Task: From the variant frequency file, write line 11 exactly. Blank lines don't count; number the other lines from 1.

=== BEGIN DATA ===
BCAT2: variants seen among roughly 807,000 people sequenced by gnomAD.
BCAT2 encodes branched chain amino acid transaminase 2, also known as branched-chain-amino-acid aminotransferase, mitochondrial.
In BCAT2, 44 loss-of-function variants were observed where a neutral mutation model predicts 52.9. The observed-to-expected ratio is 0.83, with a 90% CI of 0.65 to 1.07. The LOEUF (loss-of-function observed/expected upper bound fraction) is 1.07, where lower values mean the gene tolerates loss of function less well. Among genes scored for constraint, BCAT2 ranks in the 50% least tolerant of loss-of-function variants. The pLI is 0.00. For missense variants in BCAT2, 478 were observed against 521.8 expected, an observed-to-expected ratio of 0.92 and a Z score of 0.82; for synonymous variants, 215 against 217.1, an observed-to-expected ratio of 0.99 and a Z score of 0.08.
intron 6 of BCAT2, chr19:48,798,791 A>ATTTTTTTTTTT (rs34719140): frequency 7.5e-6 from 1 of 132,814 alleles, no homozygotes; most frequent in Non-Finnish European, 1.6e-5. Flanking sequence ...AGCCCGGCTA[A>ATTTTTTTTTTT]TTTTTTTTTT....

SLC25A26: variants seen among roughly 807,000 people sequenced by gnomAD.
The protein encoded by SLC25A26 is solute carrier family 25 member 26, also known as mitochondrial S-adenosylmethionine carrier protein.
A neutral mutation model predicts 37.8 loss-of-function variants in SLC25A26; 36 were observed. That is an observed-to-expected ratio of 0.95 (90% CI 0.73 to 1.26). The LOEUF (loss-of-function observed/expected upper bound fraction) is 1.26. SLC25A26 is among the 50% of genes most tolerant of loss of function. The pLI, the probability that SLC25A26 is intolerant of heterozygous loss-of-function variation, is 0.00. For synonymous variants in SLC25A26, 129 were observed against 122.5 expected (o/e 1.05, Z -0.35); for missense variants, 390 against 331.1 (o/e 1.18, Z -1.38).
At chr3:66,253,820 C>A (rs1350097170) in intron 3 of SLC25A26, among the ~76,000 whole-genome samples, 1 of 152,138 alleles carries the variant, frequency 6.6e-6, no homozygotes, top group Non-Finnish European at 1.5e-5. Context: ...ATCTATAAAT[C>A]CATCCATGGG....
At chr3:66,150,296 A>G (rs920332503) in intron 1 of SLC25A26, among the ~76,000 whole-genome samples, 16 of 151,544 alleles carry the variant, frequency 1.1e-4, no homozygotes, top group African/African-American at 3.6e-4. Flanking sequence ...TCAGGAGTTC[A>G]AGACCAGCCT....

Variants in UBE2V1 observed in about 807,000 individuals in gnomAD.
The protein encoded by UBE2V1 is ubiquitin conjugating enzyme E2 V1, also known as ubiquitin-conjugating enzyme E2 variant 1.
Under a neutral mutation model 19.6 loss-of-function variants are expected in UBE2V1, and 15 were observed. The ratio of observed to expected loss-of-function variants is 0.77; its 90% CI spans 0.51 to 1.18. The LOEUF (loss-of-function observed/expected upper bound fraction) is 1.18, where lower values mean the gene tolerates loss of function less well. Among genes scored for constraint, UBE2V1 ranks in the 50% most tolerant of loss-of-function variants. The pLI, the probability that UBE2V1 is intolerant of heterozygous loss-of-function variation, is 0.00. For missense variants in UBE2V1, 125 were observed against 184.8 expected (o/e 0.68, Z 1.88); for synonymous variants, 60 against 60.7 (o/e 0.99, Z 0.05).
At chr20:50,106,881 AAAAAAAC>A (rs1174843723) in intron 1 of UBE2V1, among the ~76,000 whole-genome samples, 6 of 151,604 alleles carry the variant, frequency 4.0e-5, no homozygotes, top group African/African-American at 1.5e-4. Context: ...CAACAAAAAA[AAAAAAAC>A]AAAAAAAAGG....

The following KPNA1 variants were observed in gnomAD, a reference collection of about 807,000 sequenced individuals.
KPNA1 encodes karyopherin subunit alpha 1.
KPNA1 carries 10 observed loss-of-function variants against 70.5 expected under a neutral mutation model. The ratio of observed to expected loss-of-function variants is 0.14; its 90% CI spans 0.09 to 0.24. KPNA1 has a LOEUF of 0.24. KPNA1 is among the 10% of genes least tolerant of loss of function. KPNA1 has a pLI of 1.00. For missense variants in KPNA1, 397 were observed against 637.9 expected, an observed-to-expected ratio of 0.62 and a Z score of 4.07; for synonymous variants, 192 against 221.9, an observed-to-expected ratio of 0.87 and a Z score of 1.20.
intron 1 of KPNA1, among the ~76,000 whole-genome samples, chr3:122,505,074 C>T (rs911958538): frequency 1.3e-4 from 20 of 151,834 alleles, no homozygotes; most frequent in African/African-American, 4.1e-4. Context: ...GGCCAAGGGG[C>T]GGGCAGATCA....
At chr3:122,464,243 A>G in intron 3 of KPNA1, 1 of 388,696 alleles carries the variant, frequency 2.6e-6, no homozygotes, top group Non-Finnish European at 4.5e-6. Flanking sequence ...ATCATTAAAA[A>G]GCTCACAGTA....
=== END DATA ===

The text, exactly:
The protein encoded by UBE2V1 is ubiquitin conjugating enzyme E2 V1, also known as ubiquitin-conjugating enzyme E2 variant 1.